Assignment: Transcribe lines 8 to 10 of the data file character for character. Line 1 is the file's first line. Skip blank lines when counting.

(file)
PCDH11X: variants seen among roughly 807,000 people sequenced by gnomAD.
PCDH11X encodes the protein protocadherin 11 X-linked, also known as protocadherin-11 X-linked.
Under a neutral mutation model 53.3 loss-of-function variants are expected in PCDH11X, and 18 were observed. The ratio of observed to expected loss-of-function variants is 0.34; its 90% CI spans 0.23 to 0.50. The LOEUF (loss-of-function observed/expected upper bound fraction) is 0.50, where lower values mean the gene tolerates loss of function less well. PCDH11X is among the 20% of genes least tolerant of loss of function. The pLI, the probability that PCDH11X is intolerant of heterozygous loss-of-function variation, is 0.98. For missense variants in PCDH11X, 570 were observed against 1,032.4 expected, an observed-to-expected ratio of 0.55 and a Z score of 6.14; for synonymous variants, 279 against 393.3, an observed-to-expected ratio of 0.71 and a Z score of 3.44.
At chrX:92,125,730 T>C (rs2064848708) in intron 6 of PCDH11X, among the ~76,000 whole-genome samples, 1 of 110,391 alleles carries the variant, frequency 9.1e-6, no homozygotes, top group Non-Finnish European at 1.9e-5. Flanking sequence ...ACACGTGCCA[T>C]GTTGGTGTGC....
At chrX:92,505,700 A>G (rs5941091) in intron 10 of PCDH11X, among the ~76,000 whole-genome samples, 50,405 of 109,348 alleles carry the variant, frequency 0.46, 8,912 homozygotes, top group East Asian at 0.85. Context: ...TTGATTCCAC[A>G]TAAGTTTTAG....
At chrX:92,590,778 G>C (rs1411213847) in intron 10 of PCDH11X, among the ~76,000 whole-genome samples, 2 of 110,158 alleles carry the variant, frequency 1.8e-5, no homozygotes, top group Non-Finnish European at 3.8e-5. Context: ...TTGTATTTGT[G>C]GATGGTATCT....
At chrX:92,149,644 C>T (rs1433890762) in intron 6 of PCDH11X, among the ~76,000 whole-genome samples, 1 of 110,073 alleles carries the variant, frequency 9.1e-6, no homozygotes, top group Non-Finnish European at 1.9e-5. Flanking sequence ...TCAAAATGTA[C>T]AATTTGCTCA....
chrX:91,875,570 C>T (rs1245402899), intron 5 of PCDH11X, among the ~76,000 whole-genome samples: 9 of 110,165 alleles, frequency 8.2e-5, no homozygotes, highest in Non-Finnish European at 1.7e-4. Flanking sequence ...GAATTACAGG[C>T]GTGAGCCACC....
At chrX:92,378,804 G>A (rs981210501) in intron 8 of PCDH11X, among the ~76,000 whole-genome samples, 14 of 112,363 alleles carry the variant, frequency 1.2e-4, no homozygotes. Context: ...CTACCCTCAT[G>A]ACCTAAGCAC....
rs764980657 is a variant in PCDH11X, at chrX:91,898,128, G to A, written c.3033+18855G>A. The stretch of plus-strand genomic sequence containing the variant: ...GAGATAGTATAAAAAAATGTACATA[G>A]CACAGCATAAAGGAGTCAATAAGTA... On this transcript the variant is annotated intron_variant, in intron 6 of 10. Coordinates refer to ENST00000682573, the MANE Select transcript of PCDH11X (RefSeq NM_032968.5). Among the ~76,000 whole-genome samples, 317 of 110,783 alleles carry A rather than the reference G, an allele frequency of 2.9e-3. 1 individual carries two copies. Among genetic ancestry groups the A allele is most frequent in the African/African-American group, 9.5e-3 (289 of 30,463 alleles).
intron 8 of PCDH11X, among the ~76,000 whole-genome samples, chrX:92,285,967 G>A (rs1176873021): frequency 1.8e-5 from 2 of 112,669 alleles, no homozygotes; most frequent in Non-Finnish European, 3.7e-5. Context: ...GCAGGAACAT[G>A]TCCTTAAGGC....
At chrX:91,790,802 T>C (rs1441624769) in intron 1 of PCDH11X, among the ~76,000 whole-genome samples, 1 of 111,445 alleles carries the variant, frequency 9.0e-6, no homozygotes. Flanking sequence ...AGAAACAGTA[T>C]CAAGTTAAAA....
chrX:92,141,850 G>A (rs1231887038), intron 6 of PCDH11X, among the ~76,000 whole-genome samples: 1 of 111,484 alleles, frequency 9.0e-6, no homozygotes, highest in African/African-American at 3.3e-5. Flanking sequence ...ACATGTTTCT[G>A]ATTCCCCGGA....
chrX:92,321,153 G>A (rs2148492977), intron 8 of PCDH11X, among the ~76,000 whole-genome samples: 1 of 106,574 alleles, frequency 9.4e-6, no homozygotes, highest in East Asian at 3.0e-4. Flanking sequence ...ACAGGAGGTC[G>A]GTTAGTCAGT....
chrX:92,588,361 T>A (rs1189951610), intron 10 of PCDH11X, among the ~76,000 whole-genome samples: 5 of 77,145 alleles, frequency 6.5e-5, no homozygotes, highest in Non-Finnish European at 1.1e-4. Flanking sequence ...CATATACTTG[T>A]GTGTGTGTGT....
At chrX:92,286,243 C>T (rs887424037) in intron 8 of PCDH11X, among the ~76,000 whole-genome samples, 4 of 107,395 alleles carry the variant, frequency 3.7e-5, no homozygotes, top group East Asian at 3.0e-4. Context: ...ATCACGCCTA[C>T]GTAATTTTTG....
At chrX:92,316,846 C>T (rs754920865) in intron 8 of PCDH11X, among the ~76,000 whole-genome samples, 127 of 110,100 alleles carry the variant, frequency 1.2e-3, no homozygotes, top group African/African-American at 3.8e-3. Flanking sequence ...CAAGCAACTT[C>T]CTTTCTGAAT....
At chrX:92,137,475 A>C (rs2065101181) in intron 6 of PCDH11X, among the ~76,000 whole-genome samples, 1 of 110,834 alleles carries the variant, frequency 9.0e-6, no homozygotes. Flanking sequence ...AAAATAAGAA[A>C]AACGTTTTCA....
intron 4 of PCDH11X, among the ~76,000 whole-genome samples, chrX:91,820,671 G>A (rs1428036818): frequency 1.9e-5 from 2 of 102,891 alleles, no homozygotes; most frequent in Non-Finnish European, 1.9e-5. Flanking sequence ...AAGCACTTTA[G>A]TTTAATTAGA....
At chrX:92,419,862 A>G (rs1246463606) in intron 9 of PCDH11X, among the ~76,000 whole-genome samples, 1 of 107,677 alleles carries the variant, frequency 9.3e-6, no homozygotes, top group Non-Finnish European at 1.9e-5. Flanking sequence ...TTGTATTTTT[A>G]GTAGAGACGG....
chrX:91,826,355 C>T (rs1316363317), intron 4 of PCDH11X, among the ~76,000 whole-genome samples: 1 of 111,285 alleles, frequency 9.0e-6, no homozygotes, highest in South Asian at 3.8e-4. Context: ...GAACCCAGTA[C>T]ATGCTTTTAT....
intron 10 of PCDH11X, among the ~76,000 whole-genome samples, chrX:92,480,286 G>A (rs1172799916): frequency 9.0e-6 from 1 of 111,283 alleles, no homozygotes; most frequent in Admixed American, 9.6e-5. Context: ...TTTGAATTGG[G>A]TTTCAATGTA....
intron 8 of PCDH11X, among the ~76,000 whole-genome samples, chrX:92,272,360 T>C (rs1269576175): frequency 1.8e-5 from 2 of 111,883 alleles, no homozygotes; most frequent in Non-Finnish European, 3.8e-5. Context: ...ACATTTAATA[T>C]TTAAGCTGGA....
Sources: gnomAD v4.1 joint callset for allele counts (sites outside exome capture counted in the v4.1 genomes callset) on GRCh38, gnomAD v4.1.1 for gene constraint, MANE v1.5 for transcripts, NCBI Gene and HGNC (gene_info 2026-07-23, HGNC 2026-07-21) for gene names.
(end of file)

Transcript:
chrX:91,875,570 C>T (rs1245402899), intron 5 of PCDH11X, among the ~76,000 whole-genome samples: 9 of 110,165 alleles, frequency 8.2e-5, no homozygotes, highest in Non-Finnish European at 1.7e-4. Flanking sequence ...GAATTACAGG[C>T]GTGAGCCACC....
At chrX:92,378,804 G>A (rs981210501) in intron 8 of PCDH11X, among the ~76,000 whole-genome samples, 14 of 112,363 alleles carry the variant, frequency 1.2e-4, no homozygotes. Context: ...CTACCCTCAT[G>A]ACCTAAGCAC....
rs764980657 is a variant in PCDH11X, at chrX:91,898,128, G to A, written c.3033+18855G>A. The stretch of plus-strand genomic sequence containing the variant: ...GAGATAGTATAAAAAAATGTACATA[G>A]CACAGCATAAAGGAGTCAATAAGTA... On this transcript the variant is annotated intron_variant, in intron 6 of 10. Coordinates refer to ENST00000682573, the MANE Select transcript of PCDH11X (RefSeq NM_032968.5). Among the ~76,000 whole-genome samples, 317 of 110,783 alleles carry A rather than the reference G, an allele frequency of 2.9e-3. 1 individual carries two copies. Among genetic ancestry groups the A allele is most frequent in the African/African-American group, 9.5e-3 (289 of 30,463 alleles).